Services:


NERD

Keywords: Network entity reputation database

Functional Components Description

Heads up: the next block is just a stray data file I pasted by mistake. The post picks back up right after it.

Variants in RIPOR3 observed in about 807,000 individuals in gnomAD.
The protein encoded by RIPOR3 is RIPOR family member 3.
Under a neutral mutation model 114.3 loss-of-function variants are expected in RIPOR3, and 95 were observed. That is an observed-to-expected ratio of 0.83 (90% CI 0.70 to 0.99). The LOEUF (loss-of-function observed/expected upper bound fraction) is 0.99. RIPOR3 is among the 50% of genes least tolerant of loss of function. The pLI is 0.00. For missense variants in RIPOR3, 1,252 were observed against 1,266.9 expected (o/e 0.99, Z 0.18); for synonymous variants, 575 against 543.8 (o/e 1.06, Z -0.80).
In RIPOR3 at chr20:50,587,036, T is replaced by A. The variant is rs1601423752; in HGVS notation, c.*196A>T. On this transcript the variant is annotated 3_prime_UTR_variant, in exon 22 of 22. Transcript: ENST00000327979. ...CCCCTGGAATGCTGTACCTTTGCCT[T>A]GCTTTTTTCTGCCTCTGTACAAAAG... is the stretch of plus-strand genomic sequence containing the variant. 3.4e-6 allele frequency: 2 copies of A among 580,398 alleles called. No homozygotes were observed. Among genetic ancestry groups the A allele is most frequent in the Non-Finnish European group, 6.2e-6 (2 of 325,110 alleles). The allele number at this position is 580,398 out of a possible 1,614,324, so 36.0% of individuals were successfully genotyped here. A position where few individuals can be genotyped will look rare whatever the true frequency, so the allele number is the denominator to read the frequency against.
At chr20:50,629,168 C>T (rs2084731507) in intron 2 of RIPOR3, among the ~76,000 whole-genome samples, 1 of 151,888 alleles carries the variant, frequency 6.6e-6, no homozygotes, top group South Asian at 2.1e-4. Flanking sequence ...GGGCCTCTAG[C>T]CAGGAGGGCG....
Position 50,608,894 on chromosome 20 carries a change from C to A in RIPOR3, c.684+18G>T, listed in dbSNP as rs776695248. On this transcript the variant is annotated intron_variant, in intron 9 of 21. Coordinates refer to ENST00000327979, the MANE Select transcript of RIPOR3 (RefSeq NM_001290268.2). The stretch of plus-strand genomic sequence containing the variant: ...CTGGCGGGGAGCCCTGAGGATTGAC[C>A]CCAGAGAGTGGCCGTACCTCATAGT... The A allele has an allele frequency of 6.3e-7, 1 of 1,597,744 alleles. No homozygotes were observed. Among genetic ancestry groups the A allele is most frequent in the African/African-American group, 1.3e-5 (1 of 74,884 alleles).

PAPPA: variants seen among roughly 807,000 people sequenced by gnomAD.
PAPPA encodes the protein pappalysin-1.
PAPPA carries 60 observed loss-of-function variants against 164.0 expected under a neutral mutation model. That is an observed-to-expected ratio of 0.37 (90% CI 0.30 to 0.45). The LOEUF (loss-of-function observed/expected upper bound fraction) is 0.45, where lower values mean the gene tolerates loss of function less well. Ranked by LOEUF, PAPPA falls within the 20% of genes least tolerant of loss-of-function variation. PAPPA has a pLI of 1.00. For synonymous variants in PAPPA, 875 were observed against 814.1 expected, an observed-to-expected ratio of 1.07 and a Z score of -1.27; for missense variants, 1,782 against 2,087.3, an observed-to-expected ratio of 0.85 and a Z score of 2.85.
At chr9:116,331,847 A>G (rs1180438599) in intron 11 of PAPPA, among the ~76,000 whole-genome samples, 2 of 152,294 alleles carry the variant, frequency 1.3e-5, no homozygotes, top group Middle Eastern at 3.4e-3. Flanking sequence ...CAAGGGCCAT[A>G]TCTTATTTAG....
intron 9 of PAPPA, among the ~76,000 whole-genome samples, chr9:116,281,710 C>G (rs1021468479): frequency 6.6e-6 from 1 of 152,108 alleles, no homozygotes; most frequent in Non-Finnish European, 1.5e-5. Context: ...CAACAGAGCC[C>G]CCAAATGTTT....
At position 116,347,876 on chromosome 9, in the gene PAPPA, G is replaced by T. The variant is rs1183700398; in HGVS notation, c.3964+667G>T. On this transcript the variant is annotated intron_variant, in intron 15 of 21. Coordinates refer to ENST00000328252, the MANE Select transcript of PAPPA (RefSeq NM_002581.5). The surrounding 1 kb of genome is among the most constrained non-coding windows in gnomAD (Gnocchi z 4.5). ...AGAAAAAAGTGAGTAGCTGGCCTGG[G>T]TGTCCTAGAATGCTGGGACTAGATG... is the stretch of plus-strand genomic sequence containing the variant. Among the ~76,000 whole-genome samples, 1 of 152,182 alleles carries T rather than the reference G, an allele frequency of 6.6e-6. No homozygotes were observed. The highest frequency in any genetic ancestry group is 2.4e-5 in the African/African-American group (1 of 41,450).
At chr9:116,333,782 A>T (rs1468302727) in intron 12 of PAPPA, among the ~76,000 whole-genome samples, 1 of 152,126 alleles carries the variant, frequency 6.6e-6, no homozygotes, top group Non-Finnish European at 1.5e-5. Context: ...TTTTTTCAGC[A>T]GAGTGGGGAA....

First, there are several databases. The main one, called entity database, stores all the entity records. There is also a separate database to store original data from primary sources (events, alerts). These may be actually multiple databases, since different technologies may be suitable for different types of data. At last, there is an instance of a fast in-memory key-value database (Redis), that serves for storage of various, often temporary or fast changing, data that need to be accessed globally by different components. It also serves for various logging and caching purposes. The main input of the system is represented by a set of primary data receivers. They receive messages, alerts, or entity lists from the primary data sources and put tasks (called update requests) to a global queue to create or update records of related entities. The tasks are processed by the core of the system – a set of workers. They apply the requested updates on given entity records. Also, the workers fetch data from external (secondary) sources and compute other attributes. This functionality is handled by plug-in modules, so it is easy to add, change or remove secondary data sources or computed attributes.